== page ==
Cabaret Hotspot! Celebrates World Voice Day – April 16
By Guest Contributor
Patti Bottino Bravo
Vocal Health: When to Seek Help
“The human voice is the most perfect instrument of all.” –Arvo Pärt, classical composer
It’s your gift. It’s your passion. It’s your joy. It’s your income. It’s your voice. And just as a musical instrument needs tuning, so does your voice. Being in tune with obvious symptoms and attuned to the subtle changes in your voice is the first step in taking care of your “most perfect instrument.”
As a cabaret performer you may or may not have had the same vocal training and education as an elite vocal performer – opera singers, actors, broadcasters, voice-over artists, etc. And as such, you may not be aware of the effects of overuse, injury, or illness that may affect the quality and strength of your voice. Because “singers are at an increased risk of laryngeal pathologies and vocal cord symptoms” (Kwok & Eslick, 2019), this article will discuss the signs and symptoms of various voice disorders that require the professional attention of an otolaryngologist (ENT) or a speech-language pathologist specializing in vocology.
If you have ever experienced disturbances in the quality, pitch, loudness, or amount of vocal effort needed to produce your voice, you have experienced dysphonia. According to the American Speech Language and Hearing Association (ASHA) signs and symptoms of dysphonia include:
• Roughness, breathiness, strained or strangled quality
• Abnormal pitch (too high, too low, pitch breaks, decreased pitch range)
• Abnormal loudness/volume (too high, too low, decreased range, unsteady volume)
• Aphonia (loss of voice)
• Phonation breaks
• Asthenia (weak voice)
• Gurgly/wet sounding voice
• Hoarse voice
• Pulsed voice (fry register, creaks or pulses in sound)
• Tremulous voice (shaky voice; rhythmic pitch and loudness changes)
Other signs and symptoms in the way we use our voices, rather than how it sounds, include:
• increased vocal effort associated with speaking
• decreased vocal endurance or onset of fatigue with prolonged voice use
• variable vocal quality throughout the day or during speaking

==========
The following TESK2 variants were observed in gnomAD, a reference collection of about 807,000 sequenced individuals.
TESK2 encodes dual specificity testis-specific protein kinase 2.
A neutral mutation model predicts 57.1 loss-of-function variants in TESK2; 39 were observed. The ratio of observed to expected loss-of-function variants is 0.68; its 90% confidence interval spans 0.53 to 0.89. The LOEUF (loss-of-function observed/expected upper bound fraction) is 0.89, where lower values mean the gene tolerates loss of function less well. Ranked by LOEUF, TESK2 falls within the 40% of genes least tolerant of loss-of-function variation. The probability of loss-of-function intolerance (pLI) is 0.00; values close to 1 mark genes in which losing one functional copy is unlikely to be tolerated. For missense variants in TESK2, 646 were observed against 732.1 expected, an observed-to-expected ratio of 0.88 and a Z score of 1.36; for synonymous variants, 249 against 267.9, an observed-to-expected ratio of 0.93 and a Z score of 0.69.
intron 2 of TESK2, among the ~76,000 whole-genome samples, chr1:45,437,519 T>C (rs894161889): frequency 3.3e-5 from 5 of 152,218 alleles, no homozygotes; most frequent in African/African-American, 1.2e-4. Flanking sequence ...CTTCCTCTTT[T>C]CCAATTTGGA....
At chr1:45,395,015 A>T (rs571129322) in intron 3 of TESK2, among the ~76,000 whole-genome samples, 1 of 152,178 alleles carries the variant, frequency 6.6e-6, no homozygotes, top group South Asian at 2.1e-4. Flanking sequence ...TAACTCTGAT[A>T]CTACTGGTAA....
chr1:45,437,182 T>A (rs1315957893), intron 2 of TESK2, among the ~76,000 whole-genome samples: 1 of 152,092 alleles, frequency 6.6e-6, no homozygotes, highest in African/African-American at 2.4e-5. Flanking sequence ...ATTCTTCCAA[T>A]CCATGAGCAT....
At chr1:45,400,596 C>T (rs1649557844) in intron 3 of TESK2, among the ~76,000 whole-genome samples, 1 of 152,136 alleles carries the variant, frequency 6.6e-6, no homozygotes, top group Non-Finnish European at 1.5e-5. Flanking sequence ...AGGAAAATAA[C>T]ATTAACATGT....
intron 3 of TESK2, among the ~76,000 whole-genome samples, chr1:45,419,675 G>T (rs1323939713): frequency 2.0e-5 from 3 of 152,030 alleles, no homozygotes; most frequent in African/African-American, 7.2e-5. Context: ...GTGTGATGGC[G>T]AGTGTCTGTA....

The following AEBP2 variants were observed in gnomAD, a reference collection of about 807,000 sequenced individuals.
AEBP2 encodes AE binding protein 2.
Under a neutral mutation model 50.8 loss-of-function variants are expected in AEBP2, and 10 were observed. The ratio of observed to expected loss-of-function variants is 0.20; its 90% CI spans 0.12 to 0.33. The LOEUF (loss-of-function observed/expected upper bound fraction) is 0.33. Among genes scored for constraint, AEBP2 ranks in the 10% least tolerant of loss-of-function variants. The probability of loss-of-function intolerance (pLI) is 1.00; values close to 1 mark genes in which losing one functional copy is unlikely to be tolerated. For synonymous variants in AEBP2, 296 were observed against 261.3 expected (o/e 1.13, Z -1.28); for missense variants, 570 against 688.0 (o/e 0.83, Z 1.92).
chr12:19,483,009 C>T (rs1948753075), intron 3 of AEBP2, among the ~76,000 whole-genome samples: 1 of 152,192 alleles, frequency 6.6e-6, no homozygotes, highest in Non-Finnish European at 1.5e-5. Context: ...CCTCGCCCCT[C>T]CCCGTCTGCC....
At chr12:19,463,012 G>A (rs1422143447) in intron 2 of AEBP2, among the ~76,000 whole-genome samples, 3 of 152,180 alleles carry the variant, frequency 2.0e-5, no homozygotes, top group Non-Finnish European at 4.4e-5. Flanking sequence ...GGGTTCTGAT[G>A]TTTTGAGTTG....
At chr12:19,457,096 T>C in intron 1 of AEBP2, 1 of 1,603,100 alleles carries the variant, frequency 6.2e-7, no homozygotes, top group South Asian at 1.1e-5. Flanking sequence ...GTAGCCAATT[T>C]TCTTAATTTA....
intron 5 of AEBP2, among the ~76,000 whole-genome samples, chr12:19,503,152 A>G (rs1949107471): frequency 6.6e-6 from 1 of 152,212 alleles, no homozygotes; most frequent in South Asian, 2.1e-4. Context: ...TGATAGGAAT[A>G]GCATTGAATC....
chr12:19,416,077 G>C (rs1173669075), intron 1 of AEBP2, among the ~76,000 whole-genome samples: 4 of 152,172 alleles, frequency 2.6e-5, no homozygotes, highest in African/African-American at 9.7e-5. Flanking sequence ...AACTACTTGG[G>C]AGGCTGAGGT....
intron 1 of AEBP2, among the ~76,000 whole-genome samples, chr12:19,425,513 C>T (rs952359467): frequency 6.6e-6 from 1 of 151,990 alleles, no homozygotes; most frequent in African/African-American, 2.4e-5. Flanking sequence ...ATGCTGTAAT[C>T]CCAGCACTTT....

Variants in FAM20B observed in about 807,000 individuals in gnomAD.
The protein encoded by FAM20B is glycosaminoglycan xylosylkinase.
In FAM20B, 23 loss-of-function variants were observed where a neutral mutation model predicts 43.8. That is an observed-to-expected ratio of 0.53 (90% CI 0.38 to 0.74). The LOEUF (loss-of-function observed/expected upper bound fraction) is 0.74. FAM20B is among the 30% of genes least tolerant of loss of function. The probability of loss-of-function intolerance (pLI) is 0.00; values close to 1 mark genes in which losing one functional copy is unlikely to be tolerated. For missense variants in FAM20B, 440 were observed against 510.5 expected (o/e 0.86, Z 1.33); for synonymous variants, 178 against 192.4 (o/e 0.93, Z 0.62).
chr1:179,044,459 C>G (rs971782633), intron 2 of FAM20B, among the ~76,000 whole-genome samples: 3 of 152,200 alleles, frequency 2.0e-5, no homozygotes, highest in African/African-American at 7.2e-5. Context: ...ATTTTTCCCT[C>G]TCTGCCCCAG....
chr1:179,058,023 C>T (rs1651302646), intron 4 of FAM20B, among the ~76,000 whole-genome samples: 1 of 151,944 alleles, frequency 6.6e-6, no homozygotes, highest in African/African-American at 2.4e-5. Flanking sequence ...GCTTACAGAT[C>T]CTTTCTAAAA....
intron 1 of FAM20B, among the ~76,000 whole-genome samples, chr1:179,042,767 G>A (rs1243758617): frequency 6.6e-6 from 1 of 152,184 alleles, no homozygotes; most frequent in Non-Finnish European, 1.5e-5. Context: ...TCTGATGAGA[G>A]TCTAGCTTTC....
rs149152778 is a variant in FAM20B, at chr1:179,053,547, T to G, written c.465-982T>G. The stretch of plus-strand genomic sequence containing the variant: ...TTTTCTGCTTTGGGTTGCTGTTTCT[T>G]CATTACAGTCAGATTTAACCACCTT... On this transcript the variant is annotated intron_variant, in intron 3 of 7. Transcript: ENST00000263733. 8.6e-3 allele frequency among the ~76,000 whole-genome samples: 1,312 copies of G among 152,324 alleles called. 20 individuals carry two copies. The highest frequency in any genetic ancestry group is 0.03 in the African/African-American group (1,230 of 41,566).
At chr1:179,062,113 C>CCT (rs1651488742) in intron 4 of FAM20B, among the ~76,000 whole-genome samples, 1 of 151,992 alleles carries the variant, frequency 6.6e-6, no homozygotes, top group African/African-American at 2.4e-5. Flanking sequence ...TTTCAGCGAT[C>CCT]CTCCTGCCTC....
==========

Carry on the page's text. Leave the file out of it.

• running out of breath quickly
• frequent coughing or throat clearing (may worsen with increased voice use); and
• excessive throat or laryngeal tension/pain/tenderness. (ASHA, n.d.)
These signs and symptoms can be experienced singly or in combination. And of special note, any symptoms that persist for more than two weeks REQUIRE THE ATTENTION of an ENT. If you choose to see an SLP/Vocologist first, medical clearance must be obtained before treatment for dysphonia can begin because the cause and severity of dysphonia cannot be determined from listening alone. The ENT or vocologist will need imaging of the vocal folds to determine the existence, nature, and severity of any vocal fold pathology. These may include vocal fold abnormalities (e.g., vocal nodules, edema, stenosis, or sarcopenia [muscle atrophy associated with aging]); inflammation of the larynx (e.g., arthritis of the joints in the larynx, laryngitis, laryngopharyngeal reflux); or functional causes including phonotrauma (e.g., yelling, screaming, excessive throat-clearing); muscle tension dysphonia (excessive use of muscle tension around the larynx); or vocal fatigue (e.g., due to effort or overuse) (ASHA, n.d.).
According to Kwok & Eslick (2019) “professional singers are at an increased risk of laryngeal pathologies and symptoms associated with vocal misuse and overuse, particularly hoarseness, GERD, edema, and polyps”. As we celebrate World Voice Day, and as we use our voices every day, stay in tune and attuned to any changes in both your speaking and singing voice. Be sure to seek the help of an ENT and SLP to help heal and restore your voice, and learn techniques to help you avoid future harm of your “most perfect instrument.”
Patti Bottino-Bravo, MS., CCC-SLP
Speech Language Pathologist
Owner/Brighton Speech Paths
American Speech Language and Hearing Association (ASHA.) (n.d.) Voice disorders. ASHA Portal. https://www.asha.org/practice-portal/clinical-topics/voice-disorders/
Kwok, M., & Eslick, G.D. (2019). The impact of vocal and laryngeal pathologies among professional singers: A meta-analysis. Journal of Voice, 33, (1).
Phyland, D.J., Thibeault, S., Benninger, M.S., Balance, N., Greenwood, K.M. & Smith, J.A. (2013). Perspectives on the impact on vocal function of heavy vocal load among working professional music theater performers. Journal of Voice, 27, (3).